The tubes are shaped much like bones, making him look thin as if he were at death's door. The head design looks a lot like a skull, complete with a rounded face area, a hole where his nose is and a visible row of teeth on the upper jaw. The top of the head has has a helmet section on it with a circle on top that looks like a light you'd find on a miner's helmet. That too suggests an older design without the jagged angles or sleek lines of more modern Transformers such as Bumblebee. Aside from looking old, there is another effect to these parts: Ransack looks evil. If you showed me the sculpt without any deco or profile and asked me if he was an Autobot or Decepticon, I'd say Decepticon in a heartbeat. Like "The Terminator", using the skeletal form of a human for a Transformer suggests something sinister or dangerous.
Despite having a relatively simple alternate form, Ransack is quite detailed. His head sculpt is rather intricate, with line details and a row of raised details on either side of the light on top of his head. His arms have lines etched into the tubes that make up his upper arms and part of his upper arms are sculpted to look like springs. Each of his lower arms has a weapon mounted on it. The right arm has a machine gun weapon comnplete with weapon clip and rectangular details on the barrels. His left arm has two small bombs complete with fins sculpted on the ends. His chest is made up of the front of the plane mode, complete with an engine piece and propellers. The back also has some nice detailing in the form of a circuit pattern right under the back of his head.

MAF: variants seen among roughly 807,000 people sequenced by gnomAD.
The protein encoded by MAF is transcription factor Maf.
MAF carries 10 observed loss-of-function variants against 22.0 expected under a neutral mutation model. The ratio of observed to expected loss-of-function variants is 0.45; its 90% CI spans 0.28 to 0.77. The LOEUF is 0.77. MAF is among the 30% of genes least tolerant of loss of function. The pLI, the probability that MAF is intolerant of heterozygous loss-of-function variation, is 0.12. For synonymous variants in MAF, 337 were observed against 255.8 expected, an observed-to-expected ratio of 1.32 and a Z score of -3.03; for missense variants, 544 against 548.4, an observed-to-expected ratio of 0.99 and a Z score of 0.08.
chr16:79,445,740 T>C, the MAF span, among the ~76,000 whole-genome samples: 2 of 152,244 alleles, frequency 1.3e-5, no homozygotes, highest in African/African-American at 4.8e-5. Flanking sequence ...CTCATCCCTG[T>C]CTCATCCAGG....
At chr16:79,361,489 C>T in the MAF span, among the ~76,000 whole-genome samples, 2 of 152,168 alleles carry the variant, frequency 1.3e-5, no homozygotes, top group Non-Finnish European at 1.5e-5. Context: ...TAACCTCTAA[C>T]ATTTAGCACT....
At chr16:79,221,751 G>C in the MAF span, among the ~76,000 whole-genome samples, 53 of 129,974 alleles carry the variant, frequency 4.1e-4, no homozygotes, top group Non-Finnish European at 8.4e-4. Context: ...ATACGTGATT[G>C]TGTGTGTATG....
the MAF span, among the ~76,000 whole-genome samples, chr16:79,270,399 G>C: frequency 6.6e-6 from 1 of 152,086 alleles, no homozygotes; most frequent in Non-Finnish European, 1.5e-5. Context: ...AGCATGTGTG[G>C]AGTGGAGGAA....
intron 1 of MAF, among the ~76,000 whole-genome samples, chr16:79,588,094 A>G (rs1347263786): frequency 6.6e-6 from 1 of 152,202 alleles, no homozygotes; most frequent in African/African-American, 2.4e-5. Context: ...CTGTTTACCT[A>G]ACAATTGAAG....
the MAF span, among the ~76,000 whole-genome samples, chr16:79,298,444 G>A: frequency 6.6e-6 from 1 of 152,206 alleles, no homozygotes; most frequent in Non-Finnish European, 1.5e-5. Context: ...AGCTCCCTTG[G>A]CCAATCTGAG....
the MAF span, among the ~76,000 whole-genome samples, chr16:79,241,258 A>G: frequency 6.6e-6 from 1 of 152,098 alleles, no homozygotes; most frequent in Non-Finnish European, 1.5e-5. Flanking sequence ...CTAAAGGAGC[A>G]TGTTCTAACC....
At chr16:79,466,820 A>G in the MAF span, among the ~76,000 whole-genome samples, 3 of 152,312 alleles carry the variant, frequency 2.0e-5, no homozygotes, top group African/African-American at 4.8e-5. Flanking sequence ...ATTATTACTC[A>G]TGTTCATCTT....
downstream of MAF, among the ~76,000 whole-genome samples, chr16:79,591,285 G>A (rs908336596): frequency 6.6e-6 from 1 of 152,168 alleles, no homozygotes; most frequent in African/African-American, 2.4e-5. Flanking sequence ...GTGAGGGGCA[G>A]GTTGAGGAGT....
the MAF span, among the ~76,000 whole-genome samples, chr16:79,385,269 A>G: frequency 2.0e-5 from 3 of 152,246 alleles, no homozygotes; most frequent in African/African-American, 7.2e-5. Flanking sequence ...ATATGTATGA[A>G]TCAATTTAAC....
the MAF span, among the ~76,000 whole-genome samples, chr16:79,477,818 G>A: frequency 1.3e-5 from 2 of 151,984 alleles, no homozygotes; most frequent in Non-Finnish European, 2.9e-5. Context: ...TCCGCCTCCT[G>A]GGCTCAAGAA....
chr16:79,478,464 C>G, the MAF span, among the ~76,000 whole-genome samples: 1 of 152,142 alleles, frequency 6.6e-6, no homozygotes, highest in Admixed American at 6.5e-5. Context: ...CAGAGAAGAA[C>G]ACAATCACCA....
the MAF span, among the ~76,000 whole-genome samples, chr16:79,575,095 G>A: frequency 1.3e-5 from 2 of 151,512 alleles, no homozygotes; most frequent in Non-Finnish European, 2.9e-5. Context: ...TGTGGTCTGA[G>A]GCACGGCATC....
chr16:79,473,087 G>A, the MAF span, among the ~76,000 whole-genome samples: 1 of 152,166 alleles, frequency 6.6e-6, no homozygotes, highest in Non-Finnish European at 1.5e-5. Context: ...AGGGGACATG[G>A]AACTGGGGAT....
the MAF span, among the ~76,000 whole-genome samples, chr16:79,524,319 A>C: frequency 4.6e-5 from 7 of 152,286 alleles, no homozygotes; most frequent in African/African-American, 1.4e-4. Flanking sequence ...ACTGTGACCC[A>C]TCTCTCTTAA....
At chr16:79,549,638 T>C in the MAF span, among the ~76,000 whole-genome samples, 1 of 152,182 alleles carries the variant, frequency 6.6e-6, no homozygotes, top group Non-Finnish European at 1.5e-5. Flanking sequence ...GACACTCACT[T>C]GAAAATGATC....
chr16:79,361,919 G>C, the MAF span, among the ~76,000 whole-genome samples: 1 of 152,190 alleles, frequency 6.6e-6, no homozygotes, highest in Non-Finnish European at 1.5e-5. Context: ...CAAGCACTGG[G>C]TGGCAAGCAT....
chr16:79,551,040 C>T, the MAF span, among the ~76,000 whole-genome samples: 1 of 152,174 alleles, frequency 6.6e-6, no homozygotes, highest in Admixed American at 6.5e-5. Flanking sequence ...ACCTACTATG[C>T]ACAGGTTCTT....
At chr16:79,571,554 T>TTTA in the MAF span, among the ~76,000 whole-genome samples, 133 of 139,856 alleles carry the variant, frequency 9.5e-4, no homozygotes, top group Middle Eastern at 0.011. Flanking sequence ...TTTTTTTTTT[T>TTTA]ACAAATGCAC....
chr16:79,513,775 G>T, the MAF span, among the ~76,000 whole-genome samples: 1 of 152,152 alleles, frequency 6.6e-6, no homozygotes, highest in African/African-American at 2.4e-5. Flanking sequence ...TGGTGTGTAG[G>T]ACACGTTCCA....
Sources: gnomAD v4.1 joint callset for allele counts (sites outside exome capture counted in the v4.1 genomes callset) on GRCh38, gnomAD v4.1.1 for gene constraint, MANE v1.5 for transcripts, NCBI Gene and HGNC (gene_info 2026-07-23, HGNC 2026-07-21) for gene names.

Ransack is cast in grey, beige and maroon plastic. Paint details are done in silver, gunmetal, metallic green and red. The Beige plastic forms a bulk of the wings while the grey plastic makes up most of his arms and legs. The maroon plastic is mostly found on his torso and on the legs. The red and metallic green colors are used for detailing on the plane mode, and much of that carries over to the robot mode. In particular, I like the way the patterns from the plane mode break up on the legs but still look nice and symmetrical. His head is painted silver and the beady eyes are red, giving even more of a "Terminator" impression that the sculpt alone would. His legs have some gunmetal on them towards the bottom which is nice to see since they could have easily just left it grey.
There are sixteen points of articulation in this form. This includes three in each arm and four in each leg. His arms are connected to the main body by ball joints, but due to the thin design of the arms, they are rather easy to yank off so be careful. I find the landing gear on his chest gets in the way of the arm articulation if you have the gear up, so I generally prefer to have them down to allow the arms to move freely forward.
Transformation to Vehicle Mode: